Apple 15-inch 2.9GHz MacBook Pro review: A laptop that pro app users will love

Editor’s note: we have supplemented this review with new benchmarks using the macOS High Sierra 10.13.6 Supplemental Update that fixes the laptop’s throttling problems. Our mouse rating remains unchanged from the original posting of this review.

Since its introduction in 2016, the MacBook Pro as we know it today has produced mixed reactions from its users. People love the combination of size, weight, and performance. But there are legitimate issues that make people hesitate or even regret buying a MacBook Pro: keyboard problems, the need to find ways to work with its Thunderbolt 3/USB-C ports, a low RAM ceiling.

With the 2018 MacBook Pro, Apple has addressed some of those issues. And if you’re lamenting that I didn’t say all of those issues, well, there are some things that, in an effort to move towards a particular technological ideal, Apple won’t change. But as a whole, the 2018 MacBook Pro is a better laptop than its 2017 predecessor, and a vast improvement over the 2016 model.

This review takes a look at the 15-inch MacBook Pro, with a 2.9GHz Core i9 processor, 32GB of memory, a 2TB SSD, and 4GB Radeon Pro 560X graphics. It’s a customized laptop that sells for $4,699.

Coffee Lake, the star of the 2018 MacBook Pro

After much anticipation, it’s here, the eighth generation of Intel’s Core processors. Finally. Now, if you only pay attention to Macs, you may not know that Intel released these processors last April, and it was a mystery as to when they would appear in an Apple laptop. New PC laptops with these processors (code-named Coffee Lake) appeared, and the performance numbers were impressive. So, for over three months—and over a year since the MacBook Pro was last updated—we’ve been left to imagine how Coffee Lake MacBooks would perform.

2018 macbook pro 02 Dan Masaoka/IDG

The 2018 15-inch MacBook Pro uses 6-core Coffee Lake Intel Core processors.

The major difference between the Core processor in the 2018 15-inch models and previous models is that it now has six processing cores, two more than before. Apps that can take advantage of multiple processing cores will benefit—professional-level apps, like high-end video, audio, and photo editors. But even if all you use are productivity apps that use only one processing core (a spreadsheet, email, a browser), you’ll find a nice boost in this machine.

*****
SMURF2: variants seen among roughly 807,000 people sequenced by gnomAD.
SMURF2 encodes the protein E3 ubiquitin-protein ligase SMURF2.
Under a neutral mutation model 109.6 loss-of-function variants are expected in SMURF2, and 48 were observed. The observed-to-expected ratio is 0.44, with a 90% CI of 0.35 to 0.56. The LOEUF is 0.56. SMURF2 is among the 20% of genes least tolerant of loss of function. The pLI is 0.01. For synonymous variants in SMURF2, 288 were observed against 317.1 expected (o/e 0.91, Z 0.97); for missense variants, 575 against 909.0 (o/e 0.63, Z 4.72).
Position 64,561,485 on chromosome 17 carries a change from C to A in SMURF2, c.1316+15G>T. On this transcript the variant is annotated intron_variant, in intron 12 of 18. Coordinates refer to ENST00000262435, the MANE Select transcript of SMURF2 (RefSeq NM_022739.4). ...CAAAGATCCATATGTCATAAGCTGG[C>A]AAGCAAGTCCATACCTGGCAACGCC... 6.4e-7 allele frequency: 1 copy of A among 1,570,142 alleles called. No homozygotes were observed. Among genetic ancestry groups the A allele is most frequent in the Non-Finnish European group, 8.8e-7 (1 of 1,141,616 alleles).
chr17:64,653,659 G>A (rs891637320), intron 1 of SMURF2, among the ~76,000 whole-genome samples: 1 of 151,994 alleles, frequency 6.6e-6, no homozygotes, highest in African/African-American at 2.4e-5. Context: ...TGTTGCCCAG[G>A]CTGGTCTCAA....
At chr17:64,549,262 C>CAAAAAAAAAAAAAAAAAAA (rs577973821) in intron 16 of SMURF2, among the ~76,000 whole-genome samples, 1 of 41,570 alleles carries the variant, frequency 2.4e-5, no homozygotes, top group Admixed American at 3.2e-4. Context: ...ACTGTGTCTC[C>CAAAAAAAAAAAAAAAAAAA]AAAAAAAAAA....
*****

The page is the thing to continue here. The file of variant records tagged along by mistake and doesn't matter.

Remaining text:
The high-end CPU that you can get in the 15-inch MacBook Pro (and the one in this review) is a 6-core 2.9GHz Core i9 with Turbo Boost up to 4.8GHz and 12MB shared L3 cache. To get this processor, you need to customize the $2,799 standard-configuration model that has a 6-core 2.6GHz Core i7 CPU. (In addition to the $2,799 model, Apple offers a $2,399 standard configuration model with a 6-core 2.2GHz Core i7 processor.)

In another welcomed upgrade, Apple made the switch from DDR3 RAM in previous MacBook Pros to DDR4 RAM in the 2018 models. DDR4 is faster, but it demands more power, and to meet that demand, Apple increased the amount of battery in the 2018 MacBook Pro. That increase meets DDR4’s requirements, and thus, you won’t see an more battery life. There’s more good news about the memory: The maximum amount you can have installed is now 32GB, double that of the previous 15-inch MacBook Pro. This is one change that users have been wanting for a while.